In our just-published Cutter Benchmark Review article (see “Linking IT Budgeting, Governance, and Value,” Vol., 8, No. 7), Tom Bugnitz and I report that only 27% of managers of large companies believe their IT is superior to that of their competition. (By “large,” we mean companies with more than US $50 million annual spend.) For all companies, regardless of size, only 39% of managers believe that their company’s IT is superior.
Forget about the idea that a manager may not actually know what his or her competitor’s IT is and how it compares. Forget about the problem of separating IT from IT-enabled business and management process — for, of course, that’s what really matters. Forget that this survey did not touch every senior manager in the company, so that the result might be partial. Forget about all that.
Rather, focus on how deadly this whole idea is to the IT community. It’s only a little while since Nicholas Carr so loudly opined that “IT Doesn’t Matter,” and indeed, his comments generated a lot of smoke and fire in the IT community. Yet, here it appears that — at least in competitive terms — there might be something to it.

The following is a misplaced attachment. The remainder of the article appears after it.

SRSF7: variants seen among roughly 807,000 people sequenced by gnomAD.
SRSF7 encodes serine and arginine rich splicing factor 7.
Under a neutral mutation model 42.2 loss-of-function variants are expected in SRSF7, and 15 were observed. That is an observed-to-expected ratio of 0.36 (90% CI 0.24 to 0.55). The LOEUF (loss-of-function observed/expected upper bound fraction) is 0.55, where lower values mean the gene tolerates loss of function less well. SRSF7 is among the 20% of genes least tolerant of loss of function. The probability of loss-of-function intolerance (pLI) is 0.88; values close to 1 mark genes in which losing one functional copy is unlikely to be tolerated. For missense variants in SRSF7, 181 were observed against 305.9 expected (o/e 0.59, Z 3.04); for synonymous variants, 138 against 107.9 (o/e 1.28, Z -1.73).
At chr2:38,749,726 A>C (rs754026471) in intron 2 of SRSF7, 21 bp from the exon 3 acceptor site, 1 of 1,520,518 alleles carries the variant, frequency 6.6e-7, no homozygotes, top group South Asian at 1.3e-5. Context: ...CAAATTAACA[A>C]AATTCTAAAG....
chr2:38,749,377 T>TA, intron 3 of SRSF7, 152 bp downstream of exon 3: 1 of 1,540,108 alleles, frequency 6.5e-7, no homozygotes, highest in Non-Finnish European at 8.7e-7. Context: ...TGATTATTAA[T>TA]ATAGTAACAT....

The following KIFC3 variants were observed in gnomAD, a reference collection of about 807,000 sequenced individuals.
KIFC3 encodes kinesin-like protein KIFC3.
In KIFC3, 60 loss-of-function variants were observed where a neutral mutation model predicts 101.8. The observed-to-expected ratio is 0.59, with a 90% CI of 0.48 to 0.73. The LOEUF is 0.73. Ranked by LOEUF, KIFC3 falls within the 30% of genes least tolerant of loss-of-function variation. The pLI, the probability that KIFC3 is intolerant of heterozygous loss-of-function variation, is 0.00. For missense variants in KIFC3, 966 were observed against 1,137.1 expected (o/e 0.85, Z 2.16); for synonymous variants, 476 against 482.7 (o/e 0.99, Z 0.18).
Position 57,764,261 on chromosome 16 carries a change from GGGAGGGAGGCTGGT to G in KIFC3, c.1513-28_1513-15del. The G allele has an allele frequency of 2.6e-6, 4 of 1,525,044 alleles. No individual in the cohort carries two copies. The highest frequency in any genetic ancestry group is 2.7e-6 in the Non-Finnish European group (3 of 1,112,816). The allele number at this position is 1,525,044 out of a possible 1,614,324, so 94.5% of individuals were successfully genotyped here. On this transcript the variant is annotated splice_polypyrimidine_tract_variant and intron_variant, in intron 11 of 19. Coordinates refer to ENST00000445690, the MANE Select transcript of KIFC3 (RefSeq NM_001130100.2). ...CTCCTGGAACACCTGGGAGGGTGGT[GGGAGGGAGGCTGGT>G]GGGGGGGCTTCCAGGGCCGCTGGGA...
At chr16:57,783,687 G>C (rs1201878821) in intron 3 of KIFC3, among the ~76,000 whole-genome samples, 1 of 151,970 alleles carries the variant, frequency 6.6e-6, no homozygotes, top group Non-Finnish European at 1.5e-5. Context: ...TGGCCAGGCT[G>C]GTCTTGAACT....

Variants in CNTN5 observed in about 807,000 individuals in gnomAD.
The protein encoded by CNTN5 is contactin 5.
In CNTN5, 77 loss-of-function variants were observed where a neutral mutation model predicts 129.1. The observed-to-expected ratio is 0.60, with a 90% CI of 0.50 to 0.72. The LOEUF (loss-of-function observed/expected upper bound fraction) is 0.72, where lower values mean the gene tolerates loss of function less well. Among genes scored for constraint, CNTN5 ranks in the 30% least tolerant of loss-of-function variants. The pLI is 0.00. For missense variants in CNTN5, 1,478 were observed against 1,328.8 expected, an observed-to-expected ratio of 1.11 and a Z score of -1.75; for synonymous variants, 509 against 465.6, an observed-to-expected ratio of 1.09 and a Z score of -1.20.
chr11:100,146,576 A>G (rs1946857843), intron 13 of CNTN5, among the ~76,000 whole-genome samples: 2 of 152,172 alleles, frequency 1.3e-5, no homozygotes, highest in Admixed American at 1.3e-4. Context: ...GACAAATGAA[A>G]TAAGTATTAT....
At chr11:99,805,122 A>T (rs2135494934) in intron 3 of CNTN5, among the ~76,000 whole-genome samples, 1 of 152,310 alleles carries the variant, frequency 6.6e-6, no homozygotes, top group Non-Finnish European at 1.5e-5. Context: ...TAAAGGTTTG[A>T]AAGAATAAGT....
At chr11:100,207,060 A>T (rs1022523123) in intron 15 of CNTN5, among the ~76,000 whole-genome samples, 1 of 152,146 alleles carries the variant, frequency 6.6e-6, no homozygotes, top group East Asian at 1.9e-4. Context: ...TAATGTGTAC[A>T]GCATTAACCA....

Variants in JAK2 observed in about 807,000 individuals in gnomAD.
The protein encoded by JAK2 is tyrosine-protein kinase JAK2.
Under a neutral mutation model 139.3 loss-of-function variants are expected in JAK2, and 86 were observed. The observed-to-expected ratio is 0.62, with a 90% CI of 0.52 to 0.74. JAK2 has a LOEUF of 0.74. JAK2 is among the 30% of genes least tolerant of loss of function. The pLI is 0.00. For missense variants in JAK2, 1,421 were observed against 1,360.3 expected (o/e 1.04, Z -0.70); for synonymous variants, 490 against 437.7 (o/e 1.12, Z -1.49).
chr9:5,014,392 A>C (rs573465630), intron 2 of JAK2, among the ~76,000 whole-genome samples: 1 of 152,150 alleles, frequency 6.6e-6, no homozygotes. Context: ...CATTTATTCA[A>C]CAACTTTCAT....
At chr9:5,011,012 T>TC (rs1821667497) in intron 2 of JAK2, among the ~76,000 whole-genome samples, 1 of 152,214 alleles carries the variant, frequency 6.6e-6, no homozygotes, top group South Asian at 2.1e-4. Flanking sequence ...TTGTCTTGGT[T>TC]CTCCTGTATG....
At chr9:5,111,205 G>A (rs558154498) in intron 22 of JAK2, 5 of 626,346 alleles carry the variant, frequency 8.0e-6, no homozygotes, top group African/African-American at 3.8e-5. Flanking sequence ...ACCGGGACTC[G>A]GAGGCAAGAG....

Admittedly, this Cutter Benchmark Review survey is a limited study, really focused on IT budgeting and financial management issues. However, it does raise a fundamental question for IT managers: how does our IT compare with the competition? And, probably even more important: should our IT be superior to our competition’s?
If IT is to matter to our company, particularly competitively, it would seem that it has to be superior to the competition’s. At least our use of IT in the business — in processes, in the use of information, in the management and control of business activities — should be superior. How else could IT matter?
All this raises challenges to the IT executive. How exactly can we know how our IT compares? How can we assess where we stand? How can we define the gaps and take action to close them?
It seems to us that this is the vital question now for IT. As times get tougher, as competition gets tighter, we really have to focus on how to become superior in the use of IT in the business. That’s the challenge, something that practices in IT Financial Management and IT Planning and Management should be prepared to address. And it’s important to do so. We should be able to answer “YES — our IT is superior to the competition’s!”